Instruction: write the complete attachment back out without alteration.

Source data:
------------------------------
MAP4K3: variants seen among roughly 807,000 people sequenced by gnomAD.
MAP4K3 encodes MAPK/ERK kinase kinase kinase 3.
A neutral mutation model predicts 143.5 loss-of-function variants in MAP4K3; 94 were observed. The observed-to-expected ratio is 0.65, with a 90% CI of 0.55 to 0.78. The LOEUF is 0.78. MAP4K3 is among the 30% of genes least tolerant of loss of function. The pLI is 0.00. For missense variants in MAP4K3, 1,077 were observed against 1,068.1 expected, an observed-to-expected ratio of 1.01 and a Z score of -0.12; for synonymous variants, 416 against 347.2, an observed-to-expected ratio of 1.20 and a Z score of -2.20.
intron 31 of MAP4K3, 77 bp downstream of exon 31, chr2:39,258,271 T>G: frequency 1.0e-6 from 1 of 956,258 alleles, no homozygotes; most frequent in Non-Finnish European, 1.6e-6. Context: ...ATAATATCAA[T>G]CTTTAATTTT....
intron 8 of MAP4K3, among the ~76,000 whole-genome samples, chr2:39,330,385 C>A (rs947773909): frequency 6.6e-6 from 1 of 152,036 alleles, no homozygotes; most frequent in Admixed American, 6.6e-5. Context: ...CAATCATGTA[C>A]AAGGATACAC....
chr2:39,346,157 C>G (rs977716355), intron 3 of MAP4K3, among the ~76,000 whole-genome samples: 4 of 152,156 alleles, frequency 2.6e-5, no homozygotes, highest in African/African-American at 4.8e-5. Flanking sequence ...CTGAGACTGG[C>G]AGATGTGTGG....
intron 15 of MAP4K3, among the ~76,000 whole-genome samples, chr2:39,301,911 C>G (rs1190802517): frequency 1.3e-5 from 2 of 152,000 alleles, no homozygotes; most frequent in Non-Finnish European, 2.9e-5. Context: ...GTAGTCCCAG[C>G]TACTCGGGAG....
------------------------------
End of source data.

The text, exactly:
MAP4K3: variants seen among roughly 807,000 people sequenced by gnomAD.
MAP4K3 encodes MAPK/ERK kinase kinase kinase 3.
A neutral mutation model predicts 143.5 loss-of-function variants in MAP4K3; 94 were observed. The observed-to-expected ratio is 0.65, with a 90% CI of 0.55 to 0.78. The LOEUF is 0.78. MAP4K3 is among the 30% of genes least tolerant of loss of function. The pLI is 0.00. For missense variants in MAP4K3, 1,077 were observed against 1,068.1 expected, an observed-to-expected ratio of 1.01 and a Z score of -0.12; for synonymous variants, 416 against 347.2, an observed-to-expected ratio of 1.20 and a Z score of -2.20.
intron 31 of MAP4K3, 77 bp downstream of exon 31, chr2:39,258,271 T>G: frequency 1.0e-6 from 1 of 956,258 alleles, no homozygotes; most frequent in Non-Finnish European, 1.6e-6. Context: ...ATAATATCAA[T>G]CTTTAATTTT....
intron 8 of MAP4K3, among the ~76,000 whole-genome samples, chr2:39,330,385 C>A (rs947773909): frequency 6.6e-6 from 1 of 152,036 alleles, no homozygotes; most frequent in Admixed American, 6.6e-5. Context: ...CAATCATGTA[C>A]AAGGATACAC....
chr2:39,346,157 C>G (rs977716355), intron 3 of MAP4K3, among the ~76,000 whole-genome samples: 4 of 152,156 alleles, frequency 2.6e-5, no homozygotes, highest in African/African-American at 4.8e-5. Flanking sequence ...CTGAGACTGG[C>G]AGATGTGTGG....
intron 15 of MAP4K3, among the ~76,000 whole-genome samples, chr2:39,301,911 C>G (rs1190802517): frequency 1.3e-5 from 2 of 152,000 alleles, no homozygotes; most frequent in Non-Finnish European, 2.9e-5. Context: ...GTAGTCCCAG[C>G]TACTCGGGAG....